KABUL (Reuters) -- Foreign militants are flooding from Iraq into Afghanistan to join Taliban insurgents battling Afghan and international troops, the Afghan defense minister has said.
Defense Minister Abdul Rahim Wardak said there were about 15,000 Taliban fighters in Afghanistan but their numbers were being swelled by foreign insurgents moving in from Iraq, where violence has fallen after a U.S. troop "surge" and other measures.
"Since last year, as the result of the success of the surge in Iraq, there has been a flow of foreign terrorists into Afghanistan," Wardak told a news conference. "There have been engagements...in 2008, and in some of these engagements, actually 60 percent of the total force which we have encountered were foreign fighters," he said.
Wardak was speaking after he and Afghan President Hamid Karzai held talks with NATO's supreme allied commander for Europe, U.S. General John Craddock.
There was a 33 percent rise in insurgent attacks in Afghanistan in 2008, according to NATO-led forces.
Violence is expected to rise further in 2009 as Washington prepares to send up to 25,000 more troops into new areas of the southern Pashtun heartlands.
The talks focused on training and equipping the Afghan army, which the U.S. military aims to increase from some 80,000 troops now to 134,000 in 2012, as well as the planned deployment of the extra U.S. soldiers and ways to reduce civilians casualties, Wardak said.
U.S. President Barack Obama is expected as early as this week to approve plans to send up to 17,000 more combat troops to Afghanistan to add to the 36,000 American soldiers already battling Taliban insurgents in the country.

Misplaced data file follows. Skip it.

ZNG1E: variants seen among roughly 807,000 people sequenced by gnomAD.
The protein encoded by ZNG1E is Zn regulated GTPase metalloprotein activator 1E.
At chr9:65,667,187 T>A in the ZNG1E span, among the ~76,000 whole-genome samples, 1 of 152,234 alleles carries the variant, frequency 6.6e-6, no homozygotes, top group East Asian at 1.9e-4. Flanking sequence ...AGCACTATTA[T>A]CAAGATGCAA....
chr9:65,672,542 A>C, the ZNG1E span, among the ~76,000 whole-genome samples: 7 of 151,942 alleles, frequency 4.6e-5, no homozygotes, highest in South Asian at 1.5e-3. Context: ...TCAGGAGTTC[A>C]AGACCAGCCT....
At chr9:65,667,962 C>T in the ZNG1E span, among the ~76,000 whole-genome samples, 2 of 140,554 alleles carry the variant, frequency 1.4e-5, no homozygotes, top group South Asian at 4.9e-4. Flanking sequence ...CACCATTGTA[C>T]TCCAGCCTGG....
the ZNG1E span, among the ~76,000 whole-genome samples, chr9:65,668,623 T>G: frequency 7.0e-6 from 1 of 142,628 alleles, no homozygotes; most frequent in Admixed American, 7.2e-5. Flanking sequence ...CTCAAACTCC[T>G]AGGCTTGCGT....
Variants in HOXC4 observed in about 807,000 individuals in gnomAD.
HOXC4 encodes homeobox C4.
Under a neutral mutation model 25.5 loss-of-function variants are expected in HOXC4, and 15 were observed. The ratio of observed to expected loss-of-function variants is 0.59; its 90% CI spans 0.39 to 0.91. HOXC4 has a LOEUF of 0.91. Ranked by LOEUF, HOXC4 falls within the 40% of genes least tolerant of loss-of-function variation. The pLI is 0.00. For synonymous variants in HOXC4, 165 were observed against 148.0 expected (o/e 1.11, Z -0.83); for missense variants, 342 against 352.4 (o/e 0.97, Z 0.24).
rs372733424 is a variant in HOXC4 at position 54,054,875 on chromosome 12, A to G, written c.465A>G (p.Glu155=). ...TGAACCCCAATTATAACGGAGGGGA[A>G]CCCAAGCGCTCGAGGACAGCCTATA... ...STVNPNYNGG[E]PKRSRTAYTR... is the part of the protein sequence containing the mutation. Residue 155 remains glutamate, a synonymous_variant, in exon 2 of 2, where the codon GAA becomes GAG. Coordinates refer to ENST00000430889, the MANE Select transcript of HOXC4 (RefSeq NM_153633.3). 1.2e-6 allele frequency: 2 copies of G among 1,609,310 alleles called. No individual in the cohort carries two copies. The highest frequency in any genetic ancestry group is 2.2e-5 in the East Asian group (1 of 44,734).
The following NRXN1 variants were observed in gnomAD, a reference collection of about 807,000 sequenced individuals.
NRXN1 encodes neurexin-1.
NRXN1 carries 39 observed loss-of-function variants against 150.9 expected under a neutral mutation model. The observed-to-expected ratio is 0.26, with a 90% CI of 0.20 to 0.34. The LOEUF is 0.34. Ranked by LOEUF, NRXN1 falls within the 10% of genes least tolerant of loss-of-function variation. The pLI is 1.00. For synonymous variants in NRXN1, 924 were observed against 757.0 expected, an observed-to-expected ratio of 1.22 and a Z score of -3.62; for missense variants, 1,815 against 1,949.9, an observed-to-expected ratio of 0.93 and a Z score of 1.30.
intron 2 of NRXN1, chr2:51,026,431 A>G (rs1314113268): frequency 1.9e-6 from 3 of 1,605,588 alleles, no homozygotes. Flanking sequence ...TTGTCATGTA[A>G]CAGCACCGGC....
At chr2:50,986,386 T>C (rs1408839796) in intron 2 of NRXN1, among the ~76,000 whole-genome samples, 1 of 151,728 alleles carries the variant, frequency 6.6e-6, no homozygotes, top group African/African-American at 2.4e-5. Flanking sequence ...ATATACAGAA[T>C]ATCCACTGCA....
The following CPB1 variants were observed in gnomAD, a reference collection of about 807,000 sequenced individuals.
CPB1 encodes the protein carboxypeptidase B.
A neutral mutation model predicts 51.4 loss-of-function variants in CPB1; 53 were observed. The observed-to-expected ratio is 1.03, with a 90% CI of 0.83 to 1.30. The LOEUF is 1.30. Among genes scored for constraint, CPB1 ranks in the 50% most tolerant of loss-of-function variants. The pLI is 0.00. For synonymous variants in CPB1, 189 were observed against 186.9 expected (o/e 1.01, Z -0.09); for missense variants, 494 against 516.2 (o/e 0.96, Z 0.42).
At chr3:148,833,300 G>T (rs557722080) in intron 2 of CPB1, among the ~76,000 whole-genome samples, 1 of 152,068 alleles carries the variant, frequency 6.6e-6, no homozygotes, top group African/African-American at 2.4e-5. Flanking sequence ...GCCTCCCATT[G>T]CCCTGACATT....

The additional U.S. forces will focus on hitting militant communication lines and their cross-border infiltration into Afghanistan from Pakistan. The extra troops will reduce reliance on air strikes, cutting civilian deaths, Wardak said.
Civilian casualties caused by international forces have eroded support for Karzai and the presence of foreign troops in Afghanistan more than seven years since the Taliban's removal.
More than 2,100 civilians were killed in Afghanistan in 2008, the United Nations said on February 3, more than a third of them by Afghan and international troops.
Wardak said the issue had been a source of tension with the
Criticism Of Allies
For his part, Karzai renewed criticism of U.S. and NATO-led forces on January 4, and said he was determined his government would take a stronger role in the deployment and work of foreign troops.
In January, Karzai's government presented a draft proposal to NATO with a list of measures aimed at preventing civilian casualties, including a demand that arrests of all Afghan nationals be made by Afghan security forces only and that there be "high-level" co-ordination of air strikes.
"Our demands are clear and they are that house searches of Afghans, arrests of Afghans and civilian casualties must cease. And they [U.S. and NATO countries] are naturally putting on pressure to make us silent and retract from this claim. This is not possible," Karzai said.
Karzai, facing elections in August, has repeatedly called for an end to civilian casualties caused by foreign troops, while Western leaders constantly call for "good governance" -- implied criticism of Karzai's ability to rule effectively.
Karzai has lost much domestic support because of his perceived closeness to the United States and because many voters believe he has largely failed to curb corruption.